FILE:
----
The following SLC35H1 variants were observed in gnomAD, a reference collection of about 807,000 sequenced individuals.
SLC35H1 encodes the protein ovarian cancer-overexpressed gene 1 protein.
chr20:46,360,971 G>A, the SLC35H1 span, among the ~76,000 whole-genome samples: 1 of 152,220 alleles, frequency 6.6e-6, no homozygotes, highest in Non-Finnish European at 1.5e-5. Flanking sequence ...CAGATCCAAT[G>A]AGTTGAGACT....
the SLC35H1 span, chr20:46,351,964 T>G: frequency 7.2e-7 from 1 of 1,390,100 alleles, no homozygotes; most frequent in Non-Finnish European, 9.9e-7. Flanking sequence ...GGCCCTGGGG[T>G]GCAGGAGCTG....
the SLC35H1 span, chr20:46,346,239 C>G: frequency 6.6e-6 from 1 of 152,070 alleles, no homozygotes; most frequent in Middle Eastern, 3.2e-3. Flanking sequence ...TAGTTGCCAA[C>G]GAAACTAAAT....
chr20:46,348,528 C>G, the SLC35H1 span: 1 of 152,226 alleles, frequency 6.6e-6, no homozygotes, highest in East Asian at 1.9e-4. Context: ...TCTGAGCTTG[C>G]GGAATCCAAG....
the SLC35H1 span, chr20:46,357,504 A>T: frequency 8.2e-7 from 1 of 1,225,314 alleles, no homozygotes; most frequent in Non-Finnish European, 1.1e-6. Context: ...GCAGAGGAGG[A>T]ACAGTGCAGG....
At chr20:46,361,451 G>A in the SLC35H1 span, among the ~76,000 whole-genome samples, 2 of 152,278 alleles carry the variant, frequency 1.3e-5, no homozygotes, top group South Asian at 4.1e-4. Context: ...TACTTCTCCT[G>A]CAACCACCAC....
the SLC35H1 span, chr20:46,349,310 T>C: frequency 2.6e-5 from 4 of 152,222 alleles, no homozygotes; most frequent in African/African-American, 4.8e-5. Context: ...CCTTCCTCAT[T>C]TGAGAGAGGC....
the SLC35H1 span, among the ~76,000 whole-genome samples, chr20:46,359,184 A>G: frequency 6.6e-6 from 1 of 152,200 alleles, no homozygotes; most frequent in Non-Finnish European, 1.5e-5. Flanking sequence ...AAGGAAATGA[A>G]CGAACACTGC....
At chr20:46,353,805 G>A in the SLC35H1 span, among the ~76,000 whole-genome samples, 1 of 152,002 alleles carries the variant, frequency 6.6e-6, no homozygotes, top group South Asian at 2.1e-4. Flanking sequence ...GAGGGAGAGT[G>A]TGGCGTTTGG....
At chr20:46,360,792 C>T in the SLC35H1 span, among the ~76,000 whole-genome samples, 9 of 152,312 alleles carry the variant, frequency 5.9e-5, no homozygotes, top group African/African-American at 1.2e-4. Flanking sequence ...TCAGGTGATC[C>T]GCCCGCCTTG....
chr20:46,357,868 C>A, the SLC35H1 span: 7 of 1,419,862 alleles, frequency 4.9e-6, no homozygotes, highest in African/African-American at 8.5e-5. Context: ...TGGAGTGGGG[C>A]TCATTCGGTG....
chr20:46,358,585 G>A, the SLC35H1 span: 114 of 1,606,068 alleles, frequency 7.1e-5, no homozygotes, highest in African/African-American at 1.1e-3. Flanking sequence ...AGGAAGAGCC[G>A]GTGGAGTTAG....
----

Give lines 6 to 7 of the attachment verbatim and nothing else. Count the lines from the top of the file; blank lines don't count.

chr20:46,348,528 C>G, the SLC35H1 span: 1 of 152,226 alleles, frequency 6.6e-6, no homozygotes, highest in East Asian at 1.9e-4. Context: ...TCTGAGCTTG[C>G]GGAATCCAAG....
the SLC35H1 span, chr20:46,357,504 A>T: frequency 8.2e-7 from 1 of 1,225,314 alleles, no homozygotes; most frequent in Non-Finnish European, 1.1e-6. Context: ...GCAGAGGAGG[A>T]ACAGTGCAGG....